The Matrix” was a cultural phenomenon when it was released on March 31, 1999. It elevated Keanu Reeves from movie star to superstar and introduced the world to “bullet time” (the slow-motion portion of an action scene). It was a critical and commercial success, spawning two sequels and a series of animated shorts. Does it hold up 20 years later? Let’s take a look:
IDEAS AND CONCEPTS
- The idea that the world as we know it could simply be a dream, or a complicated program, was mind-blowing to me. The details throughout the film, like the idea that déjà vu is a glitch in the Matrix, are what convince us this could actually be possible. In fact, there have been numerous real-world studies done trying to prove this one way or another since the film’s release.
- As the saying goes, “ignorance is bliss,” and the first film focuses on this idea when we find out crew member Cypher (Joe Pantoliano) has betrayed the humans and is working with the machines in exchange for a comfortable life in the Matrix with no memory of the real world. This concept is relatable in our lives today: Is it worth knowing the whole truth or would it be better to not know and go on living a normal life, none the wiser to the horrors of what’s really happening?
- The idea of Neo (Reeves) being The One is clearly a reference to faith. Morpheus (Laurence Fishburne) is unquestionably faithful to the idea of Neo being The One who will end the war and save the world. Some crew members are not believers, but they follow Morpheus anyway with the hopes that he could be right and the human race could be saved from the machines. As things fall into place, we see more and more faith from the other crew members. In the later films, as the real-world situation becomes dire, we also see more people lean on faith in Neo rather than accepting the reality they are in.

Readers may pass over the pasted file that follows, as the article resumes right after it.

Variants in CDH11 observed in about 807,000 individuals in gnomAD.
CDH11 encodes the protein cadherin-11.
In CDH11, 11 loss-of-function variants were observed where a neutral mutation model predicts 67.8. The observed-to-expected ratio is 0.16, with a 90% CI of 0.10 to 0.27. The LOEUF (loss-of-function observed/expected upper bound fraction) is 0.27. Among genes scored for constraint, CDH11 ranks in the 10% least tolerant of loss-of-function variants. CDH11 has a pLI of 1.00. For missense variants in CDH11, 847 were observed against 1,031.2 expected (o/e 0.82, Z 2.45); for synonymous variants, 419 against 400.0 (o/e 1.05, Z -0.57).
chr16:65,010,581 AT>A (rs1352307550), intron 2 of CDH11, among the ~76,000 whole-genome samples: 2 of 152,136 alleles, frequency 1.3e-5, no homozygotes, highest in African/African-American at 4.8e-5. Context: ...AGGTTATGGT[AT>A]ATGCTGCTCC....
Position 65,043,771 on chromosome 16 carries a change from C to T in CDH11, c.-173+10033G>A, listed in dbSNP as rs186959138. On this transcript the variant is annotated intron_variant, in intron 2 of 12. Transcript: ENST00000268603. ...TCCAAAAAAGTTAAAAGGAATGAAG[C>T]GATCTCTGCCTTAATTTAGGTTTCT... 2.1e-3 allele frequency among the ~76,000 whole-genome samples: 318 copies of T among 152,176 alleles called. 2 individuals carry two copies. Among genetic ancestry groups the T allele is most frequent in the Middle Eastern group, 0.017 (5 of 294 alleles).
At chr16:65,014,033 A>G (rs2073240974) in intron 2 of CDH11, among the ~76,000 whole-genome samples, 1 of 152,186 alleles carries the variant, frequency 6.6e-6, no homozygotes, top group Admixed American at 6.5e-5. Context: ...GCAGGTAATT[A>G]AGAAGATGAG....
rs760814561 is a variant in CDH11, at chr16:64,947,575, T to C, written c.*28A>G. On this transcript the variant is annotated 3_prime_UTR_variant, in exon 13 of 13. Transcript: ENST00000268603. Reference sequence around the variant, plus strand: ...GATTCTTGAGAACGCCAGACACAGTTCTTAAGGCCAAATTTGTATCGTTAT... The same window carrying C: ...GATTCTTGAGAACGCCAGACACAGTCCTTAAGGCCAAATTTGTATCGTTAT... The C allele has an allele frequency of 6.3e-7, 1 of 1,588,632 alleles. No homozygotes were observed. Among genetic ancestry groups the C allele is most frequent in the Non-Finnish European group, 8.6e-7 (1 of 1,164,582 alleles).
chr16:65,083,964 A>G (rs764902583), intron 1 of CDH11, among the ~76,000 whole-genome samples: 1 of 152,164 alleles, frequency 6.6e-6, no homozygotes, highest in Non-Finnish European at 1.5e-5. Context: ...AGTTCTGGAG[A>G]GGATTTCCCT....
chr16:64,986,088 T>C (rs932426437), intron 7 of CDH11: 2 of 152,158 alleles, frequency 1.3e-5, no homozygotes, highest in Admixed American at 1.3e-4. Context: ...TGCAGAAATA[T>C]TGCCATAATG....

BEST ACTION SCENE
Although the Morpheus rescue is the biggest action scene, the final showdown between Neo and Agent Smith (Hugo Weaving) is the climactic moment, and it doesn’t disappoint. It’s fun to watch Neo dodge a barrage of bullets and then beat up on Agent Smith. Bringing together the bullet-time effects, kung fu, wire stunts and some great fight choreography, we see Neo accept his evolution, allowing him to seemingly beat Agent Smith.
BIGGEST ‘WOW’ MOMENT
Upon first viewing, the movie is filled with “wow” moments as the CGI and effects were cutting-edge. Even upon a rewatch, the first time we see Neo dodge a bullet is pretty epic.
It may seem silly to use the main plot point here, but when Neo takes the red pill and wakes up in a cocoon in the middle of a field of unconscious humans in the machine world, it’s pretty shocking.
In the first film, the best villain is obviously Agent Smith, as he is the main foe. A computer program created to keep the Matrix stable, he basically has superpowers inside the Matrix. He is also able to take over the body of any person he chooses, making him not only unbeatable, but nearly impossible to escape. Plus, Weaving’s creepy voice adds to the effect.
DOES IT HOLD UP?
Yes. The 4K UHD release of “The Matrix” is outstanding. From the opening sequence, it is apparent this upgrade was done right. “The Matrix” has never looked or sounded better at home. The CGI and the movie itself also hold up extremely well. Although technology has changed (computer monitors are thinner, cellphones look different, etc.), it is not a stretch to believe these survivors in the post-apocalyptic world have cobbled together older tech to fit their needs. The cyberpunk feel is timeless.
Although not as revolutionary by today’s CGI standards, “The Matrix” is a sci-fi action flick that holds up 20 years later. The story is intriguing and the action scenes are outstanding. What makes it so exciting is the idea of the Matrix itself, in which the laws of nature and reality can be bent or broken. From a writing and directing standpoint, this opens the doors to a ton of fun possibilities and action sequences, which we see both in the original film and the first sequel, “The Matrix Reloaded.”
Sure, there are a few slow parts and a few things we’ve seen before, but as the credits rolled and Rage Against the Machine’s appropriately titled “Wake Up” blasted, I could not wait to start “Reloaded.” Do yourself a favor and revisit “The Matrix.”